Skip to main content

Warning notification:Warning

Unfortunately, you are using an outdated browser. Please, upgrade your browser to improve your experience with HSE. The list of supported browsers:

  1. Chrome
  2. Edge
  3. FireFox
  4. Opera
  5. Safari

Overview - Angina

Angina is chest pain caused by reduced blood flow to the heart muscles. It's not usually life threatening, but it's a warning sign that you could be at risk of a heart attack or stroke.

It's possible to control angina. You can lower the risk of serious problems with healthy lifestyle changes and treatment.

Symptoms of angina

The main symptom of angina is chest pain.

Chest pain caused by angina usually:

  • feels tight, dull or heavy – it may spread to your left arm, neck, jaw or back
  • triggered by physical exertion or stress
  • stops within a few minutes of resting

Sometimes there might be other symptoms like feeling sick or breathless.

Symptoms of angina

When to get medical help

If you haven't been diagnosed with angina, get an urgent GP appointment if you have an attack of chest pain that stops within a few minutes of resting.

They can check if it might be a heart problem and refer you to a hospital for tests.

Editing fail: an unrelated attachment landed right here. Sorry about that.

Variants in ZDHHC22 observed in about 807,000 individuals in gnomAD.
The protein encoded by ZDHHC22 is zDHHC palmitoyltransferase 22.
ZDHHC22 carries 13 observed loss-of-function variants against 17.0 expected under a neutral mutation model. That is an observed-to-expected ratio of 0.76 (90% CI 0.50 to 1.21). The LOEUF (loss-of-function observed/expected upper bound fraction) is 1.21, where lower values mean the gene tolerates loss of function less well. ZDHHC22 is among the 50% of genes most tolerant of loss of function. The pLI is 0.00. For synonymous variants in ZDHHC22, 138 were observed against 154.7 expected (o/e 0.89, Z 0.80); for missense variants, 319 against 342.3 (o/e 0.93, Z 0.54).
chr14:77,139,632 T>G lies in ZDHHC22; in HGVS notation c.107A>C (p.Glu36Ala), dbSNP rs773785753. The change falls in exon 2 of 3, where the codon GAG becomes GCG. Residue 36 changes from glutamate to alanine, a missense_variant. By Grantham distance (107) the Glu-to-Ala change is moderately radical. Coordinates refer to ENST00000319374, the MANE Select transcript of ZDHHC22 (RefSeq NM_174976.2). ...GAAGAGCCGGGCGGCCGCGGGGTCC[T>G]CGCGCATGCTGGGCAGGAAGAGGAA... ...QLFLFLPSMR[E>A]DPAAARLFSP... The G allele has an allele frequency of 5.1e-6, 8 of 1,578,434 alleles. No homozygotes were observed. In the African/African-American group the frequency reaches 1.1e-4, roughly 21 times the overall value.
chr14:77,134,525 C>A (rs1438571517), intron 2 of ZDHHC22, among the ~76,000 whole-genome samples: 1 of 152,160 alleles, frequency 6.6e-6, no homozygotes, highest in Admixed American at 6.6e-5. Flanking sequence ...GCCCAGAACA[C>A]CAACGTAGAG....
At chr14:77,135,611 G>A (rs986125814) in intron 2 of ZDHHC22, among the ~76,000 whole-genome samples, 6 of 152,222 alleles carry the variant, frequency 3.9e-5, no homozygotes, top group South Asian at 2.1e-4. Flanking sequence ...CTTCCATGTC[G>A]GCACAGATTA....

Emergency action required: Call 999 or 112 for an ambulance if:

  • you have chest pain that doesn't stop after a few minutes

This could be a heart attack.

How angina is diagnosed

Types of angina

There are 2 main types of angina you can be diagnosed with:

  • stable angina (more common) – attacks have a trigger (such as stress or exercise) and stop within a few minutes of resting
  • unstable angina (more serious) – attacks are more unpredictable (they may not have a trigger) and can continue despite resting

Some people develop unstable angina after having stable angina.

Causes of angina

Angina is usually caused by the arteries supplying blood to the heart muscles becoming narrowed by a build-up of fatty substances.

This is called atherosclerosis.

Things that can increase your risk of atherosclerosis include:

  • an unhealthy diet
  • a lack of exercise
  • smoking
  • increasing age
  • a family history of atherosclerosis or heart problems

Treatment for angina

You'll probably need to take several different medicines for the rest of your life.

You may be given medicine to:

  • treat attacks when they happen (only taken when needed)
  • prevent further attacks
  • reduce the risk of heart attacks and strokes

If medicines are not suitable or do not help, an operation to improve blood flow to your heart muscles may be recommended.

Treatments for angina

Living with angina

If it's well controlled, there's no reason why you cannot have a largely normal life with angina.

You can usually continue to do most of your normal activities.

One of the most important things you'll need to do is to make healthy lifestyle changes, such as:

  • have a balanced diet
  • cut down on alcohol
  • stop smoking if you smoke
  • lose weight if you're overweight
  • exercise regularly – gentle exercises are usually safe

This can help reduce your risk of heart attacks and strokes.

Living with angina

Content supplied by the NHS and adapted for Ireland by the HSE

Page last reviewed: 25 March 2021
Next review due: 25 March 2024

This project has received funding from the Government of Ireland’s Sláintecare Integration Fund 2019 under Grant Agreement Number 123.